If I’m honest with you, starting my own business was never my intention.
Seven years ago, after completing my English degree with the Open University, I was on the hunt for a job. Although my boys were still at school, I knew I needed to get back to work, but I still had to be around for them.
Finding something that gave me that flexibility was tough – after a lot of searching it basically came down to finance or admin in a school (there was no way I was cut out to be a teacher). The problem was, deep down, I knew that wasn’t right for me.
So, what to do?
It was my husband who first suggested I start something on my own. My reaction was to laugh.
Me, running my own business? Yeah, right, like that’s ever going to happen.
My girl friends were great and suggested all sorts of bizarre and wonderful job ideas, but then something weird happened.
The final year of my degree was in creative writing. A local friend of mine had been kind enough to proofread my work and, one day, her husband had read it too. He ran several companies and asked if I would help him out with some content he needed for a website he was developing.
Now, I’d always wanted to be a writer (fiction), but commercial writing was something I’d never considered. I gave it a go. It was a great success and the copywriting bug bit me.
One thing led to another and within a month I’d created my first website and set about getting clients. They came, they liked what they saw and they stayed. Then more came along and, 7 years later, I’m still here loving every minute of it.
I am not an authority on running a business because I’m constantly learning. There are people out there who have been doing this a lot longer than me, which is why a few years ago I signed up for a course about running a freelance business.
It was great.
I learnt a lot…perhaps a bit too much.
It was the best course I’d ever been on, but it was also responsible for some of my darkest business days.
A hugely successful guy ran it. He made it sound so easy – how to get clients, price your work etc. I came home buzzing ready to try out my new found confidence.
The problem was, once back in my own office I became Sally again. My usual insecurities came flooding back…I knew I was a great writer, that wasn’t a problem, but I knew I wasn’t a great businesswoman.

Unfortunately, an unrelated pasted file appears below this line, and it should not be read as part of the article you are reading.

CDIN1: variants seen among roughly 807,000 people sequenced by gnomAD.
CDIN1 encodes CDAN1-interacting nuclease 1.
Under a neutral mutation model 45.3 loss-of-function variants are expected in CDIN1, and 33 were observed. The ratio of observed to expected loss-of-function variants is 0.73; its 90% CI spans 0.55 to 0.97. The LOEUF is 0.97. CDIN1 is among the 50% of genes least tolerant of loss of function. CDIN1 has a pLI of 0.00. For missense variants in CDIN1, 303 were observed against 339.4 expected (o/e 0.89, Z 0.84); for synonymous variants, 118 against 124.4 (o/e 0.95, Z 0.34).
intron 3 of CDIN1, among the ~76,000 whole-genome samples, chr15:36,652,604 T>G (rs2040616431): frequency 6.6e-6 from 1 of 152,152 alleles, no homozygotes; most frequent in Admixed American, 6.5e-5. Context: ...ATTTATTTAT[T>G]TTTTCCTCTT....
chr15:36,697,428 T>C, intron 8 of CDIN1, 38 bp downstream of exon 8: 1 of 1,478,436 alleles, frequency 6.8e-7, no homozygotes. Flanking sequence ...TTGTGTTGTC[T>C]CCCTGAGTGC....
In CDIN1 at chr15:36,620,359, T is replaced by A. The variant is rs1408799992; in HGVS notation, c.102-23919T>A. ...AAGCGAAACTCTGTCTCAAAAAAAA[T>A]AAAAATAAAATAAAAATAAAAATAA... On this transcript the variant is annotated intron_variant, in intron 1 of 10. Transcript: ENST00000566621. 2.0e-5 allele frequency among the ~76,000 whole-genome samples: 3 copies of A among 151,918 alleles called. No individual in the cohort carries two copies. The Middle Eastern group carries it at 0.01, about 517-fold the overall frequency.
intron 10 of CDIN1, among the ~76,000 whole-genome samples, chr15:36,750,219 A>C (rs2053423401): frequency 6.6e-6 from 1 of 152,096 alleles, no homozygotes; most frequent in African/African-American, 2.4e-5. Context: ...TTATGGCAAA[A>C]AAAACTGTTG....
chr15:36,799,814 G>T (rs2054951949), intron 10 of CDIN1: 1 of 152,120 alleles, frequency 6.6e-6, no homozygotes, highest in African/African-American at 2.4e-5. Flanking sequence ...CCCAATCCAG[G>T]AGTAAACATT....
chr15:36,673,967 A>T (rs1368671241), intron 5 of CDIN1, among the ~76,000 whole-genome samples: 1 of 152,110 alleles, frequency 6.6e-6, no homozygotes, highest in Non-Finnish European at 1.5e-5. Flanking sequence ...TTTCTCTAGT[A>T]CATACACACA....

I desperately wanted to become the person I thought I should be. I came back believing that if I was to be a success I had to be working with huge clients, earning mega bucks and to be constantly working. If I didn’t I was letting myself down, the course leader down and my family down.
But the problem was I was (and am) a very different person to the guy who ran the course and everyone else who attended it with me. I was trying to force myself into a business model that didn’t fit my lifestyle or personality. As a result I went from loving my work to feeling miserable and, for want of a better word, a failure.
Keeping it real
With my confidence at an all time low, I began to question what I was doing.
Did I really want to be in business?
Wouldn’t it be easier to work for someone else?
On the face of it the answer was ‘yes’; I would no longer feel the pressure of finding clients or marketing myself. But if I worked for someone else I would lose the flexibility I loved and the sense of achievement I’d felt.
I had to stick with it – especially considering, even in a slow year, I was earning more by myself that I ever would working for someone else.
Then something happened. A medical scare at the start of this year made me stop and think. I reassessed my life and what was important to me.
My family would always come first. I was a wife and mother and then a businesswoman.
I loved my work and running my business, but it wasn’t the be all and end all.
Now, I work the hours I want to work. I take on the projects I want to work on and work with the people I want to work with.
No, I don’t have a 6 figure salary, but you know what? I don’t care. I earn more than enough to allow us to do what we want to do as a family and that’ll do for me.
What’s stopping me from becoming one of the UK’s largest copywriting agencies? Me, because I’m doing what I want to do and not what others think I should be doing.
What’s the single most important business lesson I’ve learnt?
The answer to that is to be true to myself and to run my business my way and to make no apologies for that. Today, I have a great work/life balance and that’s the way it’s going to remain.
My message to you is to remember there’s more to life than work. Next time you’re still working away at midnight, stop and think about what you’re doing. Is that really where you want to be?
It takes a lot to create a successful business, but it takes even more to sustain that success and create the lifestyle you want to live.
Do you have a similar story? Have you had doubts whilst running your business? Are you thinking about going it alone, but feel too scared to take the plunge? Whatever your story, leave a comment below and share it with me.
Author – Sally Ormond, Briar Copywriting Ltd